There are many possible interpretations of Ophelia’s behavior after her father’s death. One dubious explanation is that she was acting. At first glance, it seems that this is highly unlikely. However, upon further inspection of the text, it is possible to find many hints that point to this.
The first issue that becomes apparent are the many parallels between Hamlet and Ophelia. Both their fathers are murdered by someone who is close to them (an uncle and a boyfriend/lover). Both have moments of self-pity – “Oh that this too too sullied flesh would melt, thaw and resolve itself into a dew” (lines 129-130 , Hamlet); “O, woe is me…” (line 152, Ophelia).
After King Hamlet’s death, Young Hamlet contemplates suicide and death in general. We know this due to the lengthy soliloquies which are presented to us. We do not know whether Ophelia had thoughts such as this as well because we do not hear her speak of it (or very much in general). What we do know is that Ophelia drowns, bringing up the question of whether it was an “accident,” or suicide. At this point we are introduced to a character that is meant to be comic relief – the gravedigger, or Clown. We may look at him as being simply the “to be continued” in a moment of tension. However, he might serve a greater purpose than realized. He analyzes Ophelia’s death, and comes up with the conclusion that whether she merely drowned, or killed herself, her death could not have been an accidental one unless “she drowned herself in her own defense” (line 5, First Clown). Though this is supposed to be comical, his words are wise.
Having established that, we now come to the topic of Hamlet and Ophelia’s “madness.” There are many similarities between the way the two act. Hamlet announces in lines 338-9: “I am but mad north-north-west: when the wind is southerly I know a hawk from a handsaw.” He also says things which make him appear mad, yet make sense to the reader. For example, when Polonius asks him if Hamlet knows who he is, Hamlet promptly replies that Polonius is a fishmonger. Hamlet even proceeds to tell a rhyme: “O Jephthah, judge of Israel, what a treasure hadst thou!… One fair daughter and no more, the which he loved passing well”(lines 359,362-3). Yet we have no doubt that he is perfectly sane.
Despite all this, Ophelia appears utterly insane when she begins to sing songs. However, her songs tell of what is troubling her, and what is on her mind. One is about death; the other speaks of a man who “let in a maid, that out a maid never departed more” (lines 54-5). When Hamlet calls Polonius a fishmonger, we take him to be sane and making fun of Polonius. Yet when Ophelia gives out flowers that symbolize the flaws of each person present, she is thought to be crazy.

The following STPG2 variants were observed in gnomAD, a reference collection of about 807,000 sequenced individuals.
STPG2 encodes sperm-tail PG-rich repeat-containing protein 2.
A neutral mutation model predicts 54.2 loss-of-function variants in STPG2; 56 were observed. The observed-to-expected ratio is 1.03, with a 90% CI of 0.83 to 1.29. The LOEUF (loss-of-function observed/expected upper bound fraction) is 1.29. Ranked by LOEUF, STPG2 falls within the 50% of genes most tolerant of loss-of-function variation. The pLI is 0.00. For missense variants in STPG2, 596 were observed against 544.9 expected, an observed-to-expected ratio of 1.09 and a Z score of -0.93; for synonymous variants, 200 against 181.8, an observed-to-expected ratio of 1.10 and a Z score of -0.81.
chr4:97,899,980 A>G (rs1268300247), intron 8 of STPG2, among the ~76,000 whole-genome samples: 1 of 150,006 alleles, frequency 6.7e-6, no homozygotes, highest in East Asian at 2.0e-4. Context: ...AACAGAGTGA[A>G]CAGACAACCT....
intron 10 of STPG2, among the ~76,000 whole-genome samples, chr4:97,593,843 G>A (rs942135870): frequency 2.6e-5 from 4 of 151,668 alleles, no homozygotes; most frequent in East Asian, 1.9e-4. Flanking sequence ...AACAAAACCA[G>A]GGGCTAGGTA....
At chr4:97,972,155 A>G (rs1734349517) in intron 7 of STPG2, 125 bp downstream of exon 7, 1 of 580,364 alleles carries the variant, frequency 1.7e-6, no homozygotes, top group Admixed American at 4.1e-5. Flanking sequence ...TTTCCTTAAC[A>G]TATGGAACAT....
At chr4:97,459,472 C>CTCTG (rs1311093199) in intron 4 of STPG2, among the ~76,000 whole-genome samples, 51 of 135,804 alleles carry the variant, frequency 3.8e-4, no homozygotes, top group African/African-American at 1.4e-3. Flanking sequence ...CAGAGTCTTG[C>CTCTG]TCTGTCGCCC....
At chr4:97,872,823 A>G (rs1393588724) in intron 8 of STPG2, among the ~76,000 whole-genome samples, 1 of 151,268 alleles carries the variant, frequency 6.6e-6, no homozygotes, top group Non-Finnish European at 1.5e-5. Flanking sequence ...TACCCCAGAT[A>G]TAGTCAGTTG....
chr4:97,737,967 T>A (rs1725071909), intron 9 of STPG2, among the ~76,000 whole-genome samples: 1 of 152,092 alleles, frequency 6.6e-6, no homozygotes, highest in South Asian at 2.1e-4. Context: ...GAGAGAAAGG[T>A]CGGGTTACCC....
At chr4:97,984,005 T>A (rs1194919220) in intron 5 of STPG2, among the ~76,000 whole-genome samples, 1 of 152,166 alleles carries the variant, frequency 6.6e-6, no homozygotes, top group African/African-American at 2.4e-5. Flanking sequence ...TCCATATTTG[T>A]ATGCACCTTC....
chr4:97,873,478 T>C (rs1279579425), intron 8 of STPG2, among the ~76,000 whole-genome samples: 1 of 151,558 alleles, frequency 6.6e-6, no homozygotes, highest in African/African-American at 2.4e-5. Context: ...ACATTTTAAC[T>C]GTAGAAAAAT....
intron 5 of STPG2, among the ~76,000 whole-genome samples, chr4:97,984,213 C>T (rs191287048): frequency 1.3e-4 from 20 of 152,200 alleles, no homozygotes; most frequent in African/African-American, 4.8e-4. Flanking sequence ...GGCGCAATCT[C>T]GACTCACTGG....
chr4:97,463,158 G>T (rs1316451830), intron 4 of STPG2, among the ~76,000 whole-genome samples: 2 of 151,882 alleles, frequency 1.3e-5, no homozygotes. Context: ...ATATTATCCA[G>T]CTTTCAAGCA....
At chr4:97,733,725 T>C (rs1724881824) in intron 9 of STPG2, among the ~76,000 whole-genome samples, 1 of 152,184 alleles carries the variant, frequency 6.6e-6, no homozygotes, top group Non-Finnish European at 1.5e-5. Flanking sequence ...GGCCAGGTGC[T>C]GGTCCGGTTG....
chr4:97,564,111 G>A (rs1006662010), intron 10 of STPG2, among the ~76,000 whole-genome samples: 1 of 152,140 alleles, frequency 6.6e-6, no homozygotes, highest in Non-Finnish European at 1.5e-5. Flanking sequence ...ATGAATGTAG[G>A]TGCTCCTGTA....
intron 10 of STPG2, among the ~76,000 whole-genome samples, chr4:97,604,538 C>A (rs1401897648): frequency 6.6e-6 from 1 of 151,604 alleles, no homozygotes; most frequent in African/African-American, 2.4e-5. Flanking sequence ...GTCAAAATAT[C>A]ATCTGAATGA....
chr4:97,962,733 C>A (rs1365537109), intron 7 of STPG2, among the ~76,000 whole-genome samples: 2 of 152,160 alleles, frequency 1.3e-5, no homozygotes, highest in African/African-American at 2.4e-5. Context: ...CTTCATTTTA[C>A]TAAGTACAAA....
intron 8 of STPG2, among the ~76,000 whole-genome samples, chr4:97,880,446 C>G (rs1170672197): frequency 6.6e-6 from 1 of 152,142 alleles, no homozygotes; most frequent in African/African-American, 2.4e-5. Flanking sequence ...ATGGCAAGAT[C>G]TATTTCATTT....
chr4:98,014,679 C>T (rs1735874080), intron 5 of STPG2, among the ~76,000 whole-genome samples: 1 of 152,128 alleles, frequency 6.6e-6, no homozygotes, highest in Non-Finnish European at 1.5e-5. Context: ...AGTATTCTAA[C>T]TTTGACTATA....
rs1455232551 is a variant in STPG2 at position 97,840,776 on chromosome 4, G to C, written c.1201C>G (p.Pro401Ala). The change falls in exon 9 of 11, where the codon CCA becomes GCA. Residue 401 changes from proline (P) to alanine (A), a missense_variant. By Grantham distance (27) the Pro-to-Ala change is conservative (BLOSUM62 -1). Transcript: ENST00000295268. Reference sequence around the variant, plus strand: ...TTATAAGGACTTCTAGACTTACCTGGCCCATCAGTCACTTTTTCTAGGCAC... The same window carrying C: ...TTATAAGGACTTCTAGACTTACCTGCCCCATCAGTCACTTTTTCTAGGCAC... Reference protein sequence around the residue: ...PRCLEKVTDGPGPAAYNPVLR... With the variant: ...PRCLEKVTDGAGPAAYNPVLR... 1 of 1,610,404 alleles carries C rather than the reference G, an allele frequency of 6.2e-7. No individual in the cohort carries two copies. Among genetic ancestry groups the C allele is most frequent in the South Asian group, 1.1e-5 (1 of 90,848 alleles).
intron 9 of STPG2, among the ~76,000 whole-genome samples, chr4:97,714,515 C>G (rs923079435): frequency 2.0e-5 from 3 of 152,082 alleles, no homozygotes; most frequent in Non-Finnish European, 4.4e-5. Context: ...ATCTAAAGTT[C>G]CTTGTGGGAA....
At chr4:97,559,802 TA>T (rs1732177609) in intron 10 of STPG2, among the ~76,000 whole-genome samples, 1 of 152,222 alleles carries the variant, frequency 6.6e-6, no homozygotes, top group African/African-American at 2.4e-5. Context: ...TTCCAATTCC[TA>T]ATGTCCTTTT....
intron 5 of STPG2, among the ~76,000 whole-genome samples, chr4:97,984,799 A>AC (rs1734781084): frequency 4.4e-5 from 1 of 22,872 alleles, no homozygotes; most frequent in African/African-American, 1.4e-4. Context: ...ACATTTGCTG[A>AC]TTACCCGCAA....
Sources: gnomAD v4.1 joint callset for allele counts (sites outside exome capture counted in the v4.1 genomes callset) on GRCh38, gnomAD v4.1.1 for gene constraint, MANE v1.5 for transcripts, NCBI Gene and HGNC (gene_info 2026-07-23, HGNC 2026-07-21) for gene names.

This differing view of each is caused by the fact that Shakespeare constantly throws out characters at us to show us that Hamlet is sane. Enter Rosencrantz and Guildenstern. One of the first tasks of these two childhood “friends” of Hamlet is to show that he is lucid and able to turn his “madness” on and off at will. We have many opportunities to see that Hamlet is clearly very sane. Another example is Hamlet’s recital of a long speech that he heard once before. The assumption that Ophelia truly does go crazy is brought on partially because we do not have characters such as this to show us if she is lucid or not. If taken out of context, Hamlet’s words make no sense and sound like the babbling of someone who has lost his mind. Ophelia’s words are taken out of context. We cannot just assume that what we see is all there is to the story.
In addition, Ophelia is not as weak as she appears. She does have a mind of her own, and is perfectly capable of reasoning and thinking. This is seen when her brother, Laertes, is giving her “advice” about Hamlet. Her answer is sharp: “Do not, as some ungracious pastors do, show me the steep and thorny way to heaven; whiles… himself the primrose path of dalliance treads, and recks not his own rede” (lines 47-51).
Ophelia’s character does not seem to be very important. She is not analyzed and thought of as often or as deeply as many of the other characters in the play. However, there is more depth to her than it appears on the surface. It is almost unfair that we readily assume that Ophelia is crazy, when there are so many points in the play that could prove this otherwise. The question remains: If Hamlet is capable of acting crazy, why isn’t Ophelia? Hopefully this will bring some points to the surface which are worth considering.